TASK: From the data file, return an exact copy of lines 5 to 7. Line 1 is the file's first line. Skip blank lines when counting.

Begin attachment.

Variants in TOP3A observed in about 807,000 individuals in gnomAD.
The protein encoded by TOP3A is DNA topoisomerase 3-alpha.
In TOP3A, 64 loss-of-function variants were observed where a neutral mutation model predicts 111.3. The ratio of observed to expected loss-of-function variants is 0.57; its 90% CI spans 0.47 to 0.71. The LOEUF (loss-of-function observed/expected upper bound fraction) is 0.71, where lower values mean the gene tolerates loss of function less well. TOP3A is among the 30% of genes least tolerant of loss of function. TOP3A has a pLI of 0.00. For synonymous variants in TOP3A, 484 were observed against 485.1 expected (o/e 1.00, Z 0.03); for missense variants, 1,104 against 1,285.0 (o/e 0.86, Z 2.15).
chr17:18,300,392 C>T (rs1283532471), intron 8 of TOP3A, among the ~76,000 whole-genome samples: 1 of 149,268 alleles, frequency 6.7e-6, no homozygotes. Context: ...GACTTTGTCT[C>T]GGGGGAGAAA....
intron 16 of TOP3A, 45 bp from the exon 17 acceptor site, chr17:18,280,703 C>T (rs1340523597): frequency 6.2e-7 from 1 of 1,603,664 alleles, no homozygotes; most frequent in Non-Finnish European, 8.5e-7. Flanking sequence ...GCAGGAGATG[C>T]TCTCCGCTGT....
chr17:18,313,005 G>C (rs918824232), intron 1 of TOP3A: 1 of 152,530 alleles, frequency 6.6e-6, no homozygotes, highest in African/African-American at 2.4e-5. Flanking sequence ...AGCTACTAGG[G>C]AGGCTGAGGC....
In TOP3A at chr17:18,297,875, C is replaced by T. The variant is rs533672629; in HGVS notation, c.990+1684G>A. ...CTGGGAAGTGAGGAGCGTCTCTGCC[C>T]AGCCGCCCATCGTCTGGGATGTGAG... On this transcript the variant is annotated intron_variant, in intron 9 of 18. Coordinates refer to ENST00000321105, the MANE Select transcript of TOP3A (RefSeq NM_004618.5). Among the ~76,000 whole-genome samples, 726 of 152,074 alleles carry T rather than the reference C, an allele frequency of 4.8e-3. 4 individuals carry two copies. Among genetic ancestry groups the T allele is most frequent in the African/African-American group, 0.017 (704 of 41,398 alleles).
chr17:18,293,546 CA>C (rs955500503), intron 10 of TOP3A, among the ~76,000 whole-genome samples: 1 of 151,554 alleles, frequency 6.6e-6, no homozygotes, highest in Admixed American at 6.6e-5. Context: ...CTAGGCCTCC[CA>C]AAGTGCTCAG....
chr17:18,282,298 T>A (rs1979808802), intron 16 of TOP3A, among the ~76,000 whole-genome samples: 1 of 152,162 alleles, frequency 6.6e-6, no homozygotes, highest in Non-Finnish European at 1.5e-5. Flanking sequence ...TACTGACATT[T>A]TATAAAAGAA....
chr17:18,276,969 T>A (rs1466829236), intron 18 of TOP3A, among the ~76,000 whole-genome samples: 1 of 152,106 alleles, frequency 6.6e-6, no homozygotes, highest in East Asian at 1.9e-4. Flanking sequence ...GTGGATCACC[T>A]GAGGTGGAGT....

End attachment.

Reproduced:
intron 16 of TOP3A, 45 bp from the exon 17 acceptor site, chr17:18,280,703 C>T (rs1340523597): frequency 6.2e-7 from 1 of 1,603,664 alleles, no homozygotes; most frequent in Non-Finnish European, 8.5e-7. Flanking sequence ...GCAGGAGATG[C>T]TCTCCGCTGT....
chr17:18,313,005 G>C (rs918824232), intron 1 of TOP3A: 1 of 152,530 alleles, frequency 6.6e-6, no homozygotes, highest in African/African-American at 2.4e-5. Flanking sequence ...AGCTACTAGG[G>C]AGGCTGAGGC....
In TOP3A at chr17:18,297,875, C is replaced by T. The variant is rs533672629; in HGVS notation, c.990+1684G>A. ...CTGGGAAGTGAGGAGCGTCTCTGCC[C>T]AGCCGCCCATCGTCTGGGATGTGAG... On this transcript the variant is annotated intron_variant, in intron 9 of 18. Coordinates refer to ENST00000321105, the MANE Select transcript of TOP3A (RefSeq NM_004618.5). Among the ~76,000 whole-genome samples, 726 of 152,074 alleles carry T rather than the reference C, an allele frequency of 4.8e-3. 4 individuals carry two copies. Among genetic ancestry groups the T allele is most frequent in the African/African-American group, 0.017 (704 of 41,398 alleles).